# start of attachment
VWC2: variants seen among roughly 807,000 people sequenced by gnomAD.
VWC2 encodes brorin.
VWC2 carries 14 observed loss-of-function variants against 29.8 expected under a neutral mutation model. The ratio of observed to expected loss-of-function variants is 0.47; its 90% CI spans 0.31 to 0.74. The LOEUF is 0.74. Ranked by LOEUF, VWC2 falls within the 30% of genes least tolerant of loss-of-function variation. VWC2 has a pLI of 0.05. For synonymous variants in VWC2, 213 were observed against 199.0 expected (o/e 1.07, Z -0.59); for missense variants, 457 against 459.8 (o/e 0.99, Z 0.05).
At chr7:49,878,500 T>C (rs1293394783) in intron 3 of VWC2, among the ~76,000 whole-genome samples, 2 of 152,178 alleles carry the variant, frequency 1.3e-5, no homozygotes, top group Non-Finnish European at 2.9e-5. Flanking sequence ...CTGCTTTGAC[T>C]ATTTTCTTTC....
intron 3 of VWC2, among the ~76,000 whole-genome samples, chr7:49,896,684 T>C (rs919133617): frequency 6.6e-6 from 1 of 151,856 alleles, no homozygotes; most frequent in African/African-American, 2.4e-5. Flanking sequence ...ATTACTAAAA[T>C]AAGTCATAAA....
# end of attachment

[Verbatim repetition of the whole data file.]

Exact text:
VWC2: variants seen among roughly 807,000 people sequenced by gnomAD.
VWC2 encodes brorin.
VWC2 carries 14 observed loss-of-function variants against 29.8 expected under a neutral mutation model. The ratio of observed to expected loss-of-function variants is 0.47; its 90% CI spans 0.31 to 0.74. The LOEUF is 0.74. Ranked by LOEUF, VWC2 falls within the 30% of genes least tolerant of loss-of-function variation. VWC2 has a pLI of 0.05. For synonymous variants in VWC2, 213 were observed against 199.0 expected (o/e 1.07, Z -0.59); for missense variants, 457 against 459.8 (o/e 0.99, Z 0.05).
At chr7:49,878,500 T>C (rs1293394783) in intron 3 of VWC2, among the ~76,000 whole-genome samples, 2 of 152,178 alleles carry the variant, frequency 1.3e-5, no homozygotes, top group Non-Finnish European at 2.9e-5. Flanking sequence ...CTGCTTTGAC[T>C]ATTTTCTTTC....
intron 3 of VWC2, among the ~76,000 whole-genome samples, chr7:49,896,684 T>C (rs919133617): frequency 6.6e-6 from 1 of 151,856 alleles, no homozygotes; most frequent in African/African-American, 2.4e-5. Flanking sequence ...ATTACTAAAA[T>C]AAGTCATAAA....